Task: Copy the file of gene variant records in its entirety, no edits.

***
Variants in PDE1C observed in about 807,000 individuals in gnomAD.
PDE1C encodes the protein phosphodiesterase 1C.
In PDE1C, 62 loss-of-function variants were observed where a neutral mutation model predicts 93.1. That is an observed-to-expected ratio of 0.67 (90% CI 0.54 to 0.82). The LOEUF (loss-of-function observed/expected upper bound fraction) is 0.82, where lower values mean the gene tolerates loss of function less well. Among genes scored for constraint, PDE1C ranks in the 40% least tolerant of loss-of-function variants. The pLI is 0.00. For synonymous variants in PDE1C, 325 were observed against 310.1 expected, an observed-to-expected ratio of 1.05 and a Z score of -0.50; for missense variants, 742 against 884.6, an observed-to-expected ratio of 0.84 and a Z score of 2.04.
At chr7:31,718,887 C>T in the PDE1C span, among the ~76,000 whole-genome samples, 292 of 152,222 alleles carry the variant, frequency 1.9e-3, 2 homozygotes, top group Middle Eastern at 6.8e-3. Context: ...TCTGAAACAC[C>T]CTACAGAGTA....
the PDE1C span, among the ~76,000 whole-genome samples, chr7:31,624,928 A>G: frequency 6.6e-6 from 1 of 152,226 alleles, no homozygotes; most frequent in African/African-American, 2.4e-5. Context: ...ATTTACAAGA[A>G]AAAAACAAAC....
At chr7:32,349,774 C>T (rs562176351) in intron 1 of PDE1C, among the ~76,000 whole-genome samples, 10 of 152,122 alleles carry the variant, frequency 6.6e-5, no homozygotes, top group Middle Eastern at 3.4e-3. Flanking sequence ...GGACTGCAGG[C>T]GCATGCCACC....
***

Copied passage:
Variants in PDE1C observed in about 807,000 individuals in gnomAD.
PDE1C encodes the protein phosphodiesterase 1C.
In PDE1C, 62 loss-of-function variants were observed where a neutral mutation model predicts 93.1. That is an observed-to-expected ratio of 0.67 (90% CI 0.54 to 0.82). The LOEUF (loss-of-function observed/expected upper bound fraction) is 0.82, where lower values mean the gene tolerates loss of function less well. Among genes scored for constraint, PDE1C ranks in the 40% least tolerant of loss-of-function variants. The pLI is 0.00. For synonymous variants in PDE1C, 325 were observed against 310.1 expected, an observed-to-expected ratio of 1.05 and a Z score of -0.50; for missense variants, 742 against 884.6, an observed-to-expected ratio of 0.84 and a Z score of 2.04.
At chr7:31,718,887 C>T in the PDE1C span, among the ~76,000 whole-genome samples, 292 of 152,222 alleles carry the variant, frequency 1.9e-3, 2 homozygotes, top group Middle Eastern at 6.8e-3. Context: ...TCTGAAACAC[C>T]CTACAGAGTA....
the PDE1C span, among the ~76,000 whole-genome samples, chr7:31,624,928 A>G: frequency 6.6e-6 from 1 of 152,226 alleles, no homozygotes; most frequent in African/African-American, 2.4e-5. Context: ...ATTTACAAGA[A>G]AAAAACAAAC....
At chr7:32,349,774 C>T (rs562176351) in intron 1 of PDE1C, among the ~76,000 whole-genome samples, 10 of 152,122 alleles carry the variant, frequency 6.6e-5, no homozygotes, top group Middle Eastern at 3.4e-3. Flanking sequence ...GGACTGCAGG[C>T]GCATGCCACC....